• Aggression is the most serious and prevalent noncognitive symptom of the behavioral and psychological symptoms of dementia
• The onset of aggression is a combination of various biologic, psychosocial, caregiving, and environmental factors
• Several assessments exist to quantify the frequency and severity of aggressive behaviors
• Atypical antipsychotics are most often used off-label to treat aggression
• Current practice guidelines suggest nonpharmacological treatments as first-line therapies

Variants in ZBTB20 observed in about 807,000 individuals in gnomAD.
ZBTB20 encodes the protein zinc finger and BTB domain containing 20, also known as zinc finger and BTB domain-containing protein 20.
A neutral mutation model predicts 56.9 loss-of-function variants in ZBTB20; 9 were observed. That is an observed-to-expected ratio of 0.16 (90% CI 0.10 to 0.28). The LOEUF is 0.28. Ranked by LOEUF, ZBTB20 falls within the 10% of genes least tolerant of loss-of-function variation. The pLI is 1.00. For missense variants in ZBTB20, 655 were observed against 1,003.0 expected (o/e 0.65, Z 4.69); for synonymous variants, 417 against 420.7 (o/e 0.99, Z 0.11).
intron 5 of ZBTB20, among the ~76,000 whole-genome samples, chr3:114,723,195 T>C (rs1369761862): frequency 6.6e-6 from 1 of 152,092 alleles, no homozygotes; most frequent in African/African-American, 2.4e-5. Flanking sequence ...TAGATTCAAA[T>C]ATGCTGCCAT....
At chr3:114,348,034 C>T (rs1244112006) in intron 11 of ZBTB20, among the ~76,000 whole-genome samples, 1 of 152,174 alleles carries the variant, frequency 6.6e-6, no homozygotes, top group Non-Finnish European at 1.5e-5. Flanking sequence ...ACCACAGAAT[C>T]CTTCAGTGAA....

Behavioral and psychological symptoms of dementia (BPSD) are a group of non-cognitive symptoms and behaviors that often occur with a diagnosis of dementia. Aggression is the most prevalent and serious of these noncognitive symptoms. However, the development and treatment of aggression in this population are not always clear and the type of dementia does not further help to clarify this problem. There are biological, psychosocial, and environmental factors that attribute to the development of aggression, but identification has proven difficult due to the homogeneity of symptoms. Few studies have compared the type of aggression across the four most common types of dementia: Alzheimer’s Disease (AD), vascular dementia (VaD), dementia with Lewy body (DLB) and frontotemporal dementia (FTD). Results indicated that those with AD are more likely to be physically aggressive, but other factors play a role in how and why it is exhibited. Treatment for aggression in dementia has focused on pharmacological and nonpharmacological methods. Atypical antipsychotics are the most frequently prescribed, nevertheless, these medications come with severe risks. The more recent Nonpharmacological treatments have shown promising results shown in conjunction with psychosocial approaches. Aggression in dementia is associated with a variety of factors and can be treated in multiple ways. Future research is needed in terms of identifying the etiology and presentation of aggression in AD, VaD, DLB, and FTD, developing safe pharmacologic treatments, and evidence-based nonpharmacological methods.